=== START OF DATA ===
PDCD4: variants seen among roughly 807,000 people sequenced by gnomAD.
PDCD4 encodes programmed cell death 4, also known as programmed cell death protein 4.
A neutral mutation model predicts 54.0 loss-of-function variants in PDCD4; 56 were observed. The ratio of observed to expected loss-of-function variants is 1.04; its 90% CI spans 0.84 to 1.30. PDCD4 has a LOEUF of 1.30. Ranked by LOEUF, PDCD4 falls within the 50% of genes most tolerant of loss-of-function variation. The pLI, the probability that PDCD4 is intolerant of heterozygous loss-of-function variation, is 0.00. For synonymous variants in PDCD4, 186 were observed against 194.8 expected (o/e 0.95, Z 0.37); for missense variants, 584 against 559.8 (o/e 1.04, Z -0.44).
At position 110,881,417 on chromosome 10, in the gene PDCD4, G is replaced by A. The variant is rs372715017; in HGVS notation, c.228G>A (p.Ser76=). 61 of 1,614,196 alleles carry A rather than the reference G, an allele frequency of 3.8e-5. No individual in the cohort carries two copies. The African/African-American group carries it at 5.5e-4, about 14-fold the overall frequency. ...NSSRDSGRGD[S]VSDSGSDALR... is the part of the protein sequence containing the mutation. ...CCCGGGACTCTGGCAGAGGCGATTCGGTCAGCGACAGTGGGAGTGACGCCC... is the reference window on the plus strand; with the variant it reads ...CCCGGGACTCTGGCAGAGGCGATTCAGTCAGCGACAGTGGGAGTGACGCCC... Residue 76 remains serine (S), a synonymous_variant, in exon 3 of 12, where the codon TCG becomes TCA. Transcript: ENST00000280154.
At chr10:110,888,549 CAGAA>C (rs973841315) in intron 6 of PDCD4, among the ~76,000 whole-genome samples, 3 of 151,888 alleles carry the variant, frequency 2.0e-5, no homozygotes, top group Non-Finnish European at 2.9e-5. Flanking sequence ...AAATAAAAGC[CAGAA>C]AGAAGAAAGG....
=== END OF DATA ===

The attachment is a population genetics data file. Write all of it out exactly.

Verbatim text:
PDCD4: variants seen among roughly 807,000 people sequenced by gnomAD.
PDCD4 encodes programmed cell death 4, also known as programmed cell death protein 4.
A neutral mutation model predicts 54.0 loss-of-function variants in PDCD4; 56 were observed. The ratio of observed to expected loss-of-function variants is 1.04; its 90% CI spans 0.84 to 1.30. PDCD4 has a LOEUF of 1.30. Ranked by LOEUF, PDCD4 falls within the 50% of genes most tolerant of loss-of-function variation. The pLI, the probability that PDCD4 is intolerant of heterozygous loss-of-function variation, is 0.00. For synonymous variants in PDCD4, 186 were observed against 194.8 expected (o/e 0.95, Z 0.37); for missense variants, 584 against 559.8 (o/e 1.04, Z -0.44).
At position 110,881,417 on chromosome 10, in the gene PDCD4, G is replaced by A. The variant is rs372715017; in HGVS notation, c.228G>A (p.Ser76=). 61 of 1,614,196 alleles carry A rather than the reference G, an allele frequency of 3.8e-5. No individual in the cohort carries two copies. The African/African-American group carries it at 5.5e-4, about 14-fold the overall frequency. ...NSSRDSGRGD[S]VSDSGSDALR... is the part of the protein sequence containing the mutation. ...CCCGGGACTCTGGCAGAGGCGATTCGGTCAGCGACAGTGGGAGTGACGCCC... is the reference window on the plus strand; with the variant it reads ...CCCGGGACTCTGGCAGAGGCGATTCAGTCAGCGACAGTGGGAGTGACGCCC... Residue 76 remains serine (S), a synonymous_variant, in exon 3 of 12, where the codon TCG becomes TCA. Transcript: ENST00000280154.
At chr10:110,888,549 CAGAA>C (rs973841315) in intron 6 of PDCD4, among the ~76,000 whole-genome samples, 3 of 151,888 alleles carry the variant, frequency 2.0e-5, no homozygotes, top group Non-Finnish European at 2.9e-5. Flanking sequence ...AAATAAAAGC[CAGAA>C]AGAAGAAAGG....